The first week of the year always provides me with a few constants. The need and budding desire to clean my apartment usually follows me taking my Christmas tree down, and when all that is said and done, I turn my focus onto my year end lists. This year, however, due to some commitments, I still have not cleaned my apartment nor taken my tree down just yet.
Regardless, being as I’m already one of the people who publishes their year ends lists late as is, I don’t want to wait any longer. Unfortunately too, I wasn’t able to watch The Color Purple nor Maestro in time to make my list. That said, I still watched 109 movies, 71 of them in theaters. That tells me two things: my handle on 2023 releases was not only strong, but heavily dominated by theater releases.
For some additional fun math as well, seeing as I am an AMC Stubs A-List member, I did some math several days ago and realized that my Stubs membership has resulted in me paying about $3.88/ticket this year. That’s amazing value, and if you’re someone who goes to the movies at least two or three times a month (or could see yourself going at that rate, for that matter), and have an AMC Theaters near you, you need to become a member.
But you cannot have the great without the bad, or downright loathsome, in some of these cases. Without further adieu, here are the worst films I saw in 2023. Unlike my favorites list, I did not include where you can watch these films. Best to leave these ones unseen, if you value your time.
1. Zoey 102: Some might argue my subsequent additions on this list are worse than Zoey 102. However, my undying love for the Nickelodeon series Zoey 101 along with my emotional investment of it during its initial run made this film sting hard enough to warrant its rightful place on this list.
Zoey 102 makes the iCarly reboot look like Drake & Josh. This is coming from someone who was once emotionally invested in the Nickelodeon show like a devout fan of All My Children. Beyond missing significant characters, this reboot reeks of sadness and desperation. It’s like watching people you knew in high school who are keenly aware that they peaked before they could legally drink yet are so stuck in their ways they know no other path forward.
Zoey 101 was a cut above other Nickelodeon shows of its era. Unlike most Dan Schneider properties, it was one of the only without a conventional laugh-track. Set almost exclusively at a fictional boarding school, Zoey 101 was less about broad situational comedy and more about the interpersonal relationships and friendships between the characters.
In contrast, Zoey 102 is all about the antics, most of which simply not funny. This long-awaited reunion is burned by the additions of dreadful new characters, glaring absences from recurring ones, juvenile subplots, and a busy main plot that loses sight of the charms that made this series one of Nickelodeon’s all-time best.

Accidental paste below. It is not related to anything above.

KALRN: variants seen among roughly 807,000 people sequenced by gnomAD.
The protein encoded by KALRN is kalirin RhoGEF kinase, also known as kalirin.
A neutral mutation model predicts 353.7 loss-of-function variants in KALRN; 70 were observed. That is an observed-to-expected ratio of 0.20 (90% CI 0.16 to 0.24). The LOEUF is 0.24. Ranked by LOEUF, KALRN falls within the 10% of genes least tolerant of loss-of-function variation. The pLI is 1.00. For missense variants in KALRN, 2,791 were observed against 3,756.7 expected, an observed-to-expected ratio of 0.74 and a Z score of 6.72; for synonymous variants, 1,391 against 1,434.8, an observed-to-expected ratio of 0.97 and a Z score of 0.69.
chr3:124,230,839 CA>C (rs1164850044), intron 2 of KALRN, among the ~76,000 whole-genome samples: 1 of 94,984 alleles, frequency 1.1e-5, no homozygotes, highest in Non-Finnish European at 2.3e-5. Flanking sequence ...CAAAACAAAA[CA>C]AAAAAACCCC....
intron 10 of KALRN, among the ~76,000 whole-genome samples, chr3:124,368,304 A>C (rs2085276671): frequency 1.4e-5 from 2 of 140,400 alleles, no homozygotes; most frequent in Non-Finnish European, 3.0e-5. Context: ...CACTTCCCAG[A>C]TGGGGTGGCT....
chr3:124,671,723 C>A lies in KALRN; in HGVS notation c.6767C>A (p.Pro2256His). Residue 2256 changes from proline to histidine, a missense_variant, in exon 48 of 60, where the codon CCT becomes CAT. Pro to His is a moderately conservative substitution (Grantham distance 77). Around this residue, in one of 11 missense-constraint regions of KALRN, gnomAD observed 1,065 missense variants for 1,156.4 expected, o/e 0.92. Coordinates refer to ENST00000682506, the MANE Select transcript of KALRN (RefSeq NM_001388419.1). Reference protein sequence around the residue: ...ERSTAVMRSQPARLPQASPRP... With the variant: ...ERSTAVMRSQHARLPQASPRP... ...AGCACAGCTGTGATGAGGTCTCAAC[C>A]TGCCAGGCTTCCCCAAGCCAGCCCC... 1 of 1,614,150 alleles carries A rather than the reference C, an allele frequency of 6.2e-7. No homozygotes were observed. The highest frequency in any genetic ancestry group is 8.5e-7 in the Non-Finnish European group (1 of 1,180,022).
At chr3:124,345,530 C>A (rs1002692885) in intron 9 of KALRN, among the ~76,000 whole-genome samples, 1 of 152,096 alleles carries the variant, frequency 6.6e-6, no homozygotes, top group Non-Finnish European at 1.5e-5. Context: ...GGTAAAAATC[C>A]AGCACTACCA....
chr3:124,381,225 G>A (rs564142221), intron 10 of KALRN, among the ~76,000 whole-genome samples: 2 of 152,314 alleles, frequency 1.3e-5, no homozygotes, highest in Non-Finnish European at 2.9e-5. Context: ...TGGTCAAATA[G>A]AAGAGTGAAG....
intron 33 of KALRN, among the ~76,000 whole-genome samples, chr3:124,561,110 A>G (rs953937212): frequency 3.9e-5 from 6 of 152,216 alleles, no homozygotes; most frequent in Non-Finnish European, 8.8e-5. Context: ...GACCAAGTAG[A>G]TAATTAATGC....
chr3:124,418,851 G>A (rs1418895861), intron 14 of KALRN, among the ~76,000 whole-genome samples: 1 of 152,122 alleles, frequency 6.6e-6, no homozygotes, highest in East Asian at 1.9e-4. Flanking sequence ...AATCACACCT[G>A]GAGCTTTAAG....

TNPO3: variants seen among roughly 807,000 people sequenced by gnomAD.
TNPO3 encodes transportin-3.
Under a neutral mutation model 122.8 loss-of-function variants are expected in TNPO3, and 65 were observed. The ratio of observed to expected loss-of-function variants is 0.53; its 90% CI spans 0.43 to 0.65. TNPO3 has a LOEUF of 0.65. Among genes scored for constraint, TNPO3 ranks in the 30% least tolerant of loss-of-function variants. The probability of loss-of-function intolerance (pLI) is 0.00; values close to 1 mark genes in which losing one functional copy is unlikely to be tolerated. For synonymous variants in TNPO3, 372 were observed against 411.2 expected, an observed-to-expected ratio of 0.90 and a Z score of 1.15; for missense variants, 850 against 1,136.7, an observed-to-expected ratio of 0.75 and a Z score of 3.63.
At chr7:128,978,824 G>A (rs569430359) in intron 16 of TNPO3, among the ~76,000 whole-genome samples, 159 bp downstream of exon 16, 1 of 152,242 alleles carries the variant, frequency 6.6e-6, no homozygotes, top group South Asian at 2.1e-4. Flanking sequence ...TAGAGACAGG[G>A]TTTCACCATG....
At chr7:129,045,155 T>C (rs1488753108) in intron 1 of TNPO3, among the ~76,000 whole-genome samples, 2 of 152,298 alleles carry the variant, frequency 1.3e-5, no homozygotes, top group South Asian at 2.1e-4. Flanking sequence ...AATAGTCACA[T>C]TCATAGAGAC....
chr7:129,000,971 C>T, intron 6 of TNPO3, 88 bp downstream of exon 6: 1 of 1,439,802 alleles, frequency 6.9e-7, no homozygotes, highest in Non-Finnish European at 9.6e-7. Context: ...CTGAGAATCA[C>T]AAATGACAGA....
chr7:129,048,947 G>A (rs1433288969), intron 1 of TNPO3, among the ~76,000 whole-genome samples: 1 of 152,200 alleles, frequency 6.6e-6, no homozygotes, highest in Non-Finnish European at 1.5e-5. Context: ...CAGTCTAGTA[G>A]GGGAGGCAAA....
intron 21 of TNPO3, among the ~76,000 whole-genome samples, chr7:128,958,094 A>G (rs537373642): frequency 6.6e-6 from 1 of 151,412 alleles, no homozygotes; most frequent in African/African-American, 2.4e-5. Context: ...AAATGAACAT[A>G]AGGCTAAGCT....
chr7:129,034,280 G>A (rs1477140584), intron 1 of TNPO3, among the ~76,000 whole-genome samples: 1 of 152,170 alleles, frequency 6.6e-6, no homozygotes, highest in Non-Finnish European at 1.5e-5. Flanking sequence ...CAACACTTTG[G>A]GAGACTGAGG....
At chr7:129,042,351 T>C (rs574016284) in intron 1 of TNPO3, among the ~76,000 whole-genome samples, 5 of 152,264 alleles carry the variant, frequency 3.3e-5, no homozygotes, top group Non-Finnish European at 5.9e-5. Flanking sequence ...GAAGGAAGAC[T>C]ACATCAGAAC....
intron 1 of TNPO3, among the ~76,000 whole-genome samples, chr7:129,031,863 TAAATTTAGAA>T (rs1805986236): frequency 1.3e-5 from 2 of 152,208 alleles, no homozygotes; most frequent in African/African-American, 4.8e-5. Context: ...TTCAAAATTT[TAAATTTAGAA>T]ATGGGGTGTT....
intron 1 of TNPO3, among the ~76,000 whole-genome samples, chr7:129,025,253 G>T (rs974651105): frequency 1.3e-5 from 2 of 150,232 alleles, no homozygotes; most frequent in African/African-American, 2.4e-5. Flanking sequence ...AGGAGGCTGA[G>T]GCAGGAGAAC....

2. Camp Hideout: This is the second year in a row where a horrifically lame Christian campground family comedy sits near the top of my list. Last year, Family Camp was my pick for the worst film of 2022. This year, the nicest thing I can say about Camp Hideout is it wasn’t the worst movie I saw in 2023.
Camp Hideout is the latest misbegotten effort that finds itself lucky to play in (mostly empty) theaters for a couple weeks. Directed by Sean Olson — whose filmography includes such gems as The Dog Who Saved Christmas Vacation and Squeaky Clean Mysteries: Hazardous Duty — the film is a kids-centric summer camp comedy, which borrows a little bit from everywhere. A little Home Alone here. A little Camp Nowhere there, until it’s completely diluted to the point where all you can do is bear witness to how the film so boldly and unapologetically wastes your precious time.
3. Mafia Mamma: Remember when Adam Sandler said the quiet part aloud regarding that many of his movies are just opportunities to vacation in lavish locales with his friends? It feels like Toni Collette, Monica Bellucci, and Catherine Hardwicke are all on a sabbatical with Mafia Mamma, a dour excuse for a comedy.
What has the potential to be a commentary on middle-aged women searching for a change of scenery is instead a witless trudge through sitcom clichés and poorly written dialog. The marriage of broad humor and gritty violence is uneven, and the editing suggests it was lobotomized in post — assuming it had a brain in its head to begin with.
4. White Men Can’t Jump: Where Ron Shelton’s streetball classic was rugged and felt lived-in, Calmatic’s White Men Can’t Jump is pretty and soft — exactly what you don’t want to be in basketball. Charismatic performances and insightful navigation of racially tinged trash-talk are traded for a story that’s shockingly less believable than its counterpart, coupled with pacing as lethargic as its contemporarily rendered characters.
Like all great sports movies, White Men Can’t Jump had more meat on it than Shelton’s kinetic streetball scenes. It inverted stereotypes in its depiction of its interracial leads, and offered a lot of delicious dialog, namely in the in-game sequences themselves. Calmatic — director of Lil Nas X’s award-winning “Old Town Road” music video — offers nothing resembling the energy nor deft narrative touch of Shelton. His White Men Can’t Jump suffers the same fate as his recently released House Party reboot. It doesn’t know why it should exist, lacks any meaningful, modern spin on the story, and is rendered listless by its screenwriting.
5. Bird Box Barcelona: In typical streaming era fashion, Netflix’s Bird Box was a cultural touchstone for the tail-end of 2018 and the start of 2019 before fading into almost complete obscurity thereafter. While predictable, it was no less disappointing that one of the streamer’s best original flicks came and went like most everything else on the platform.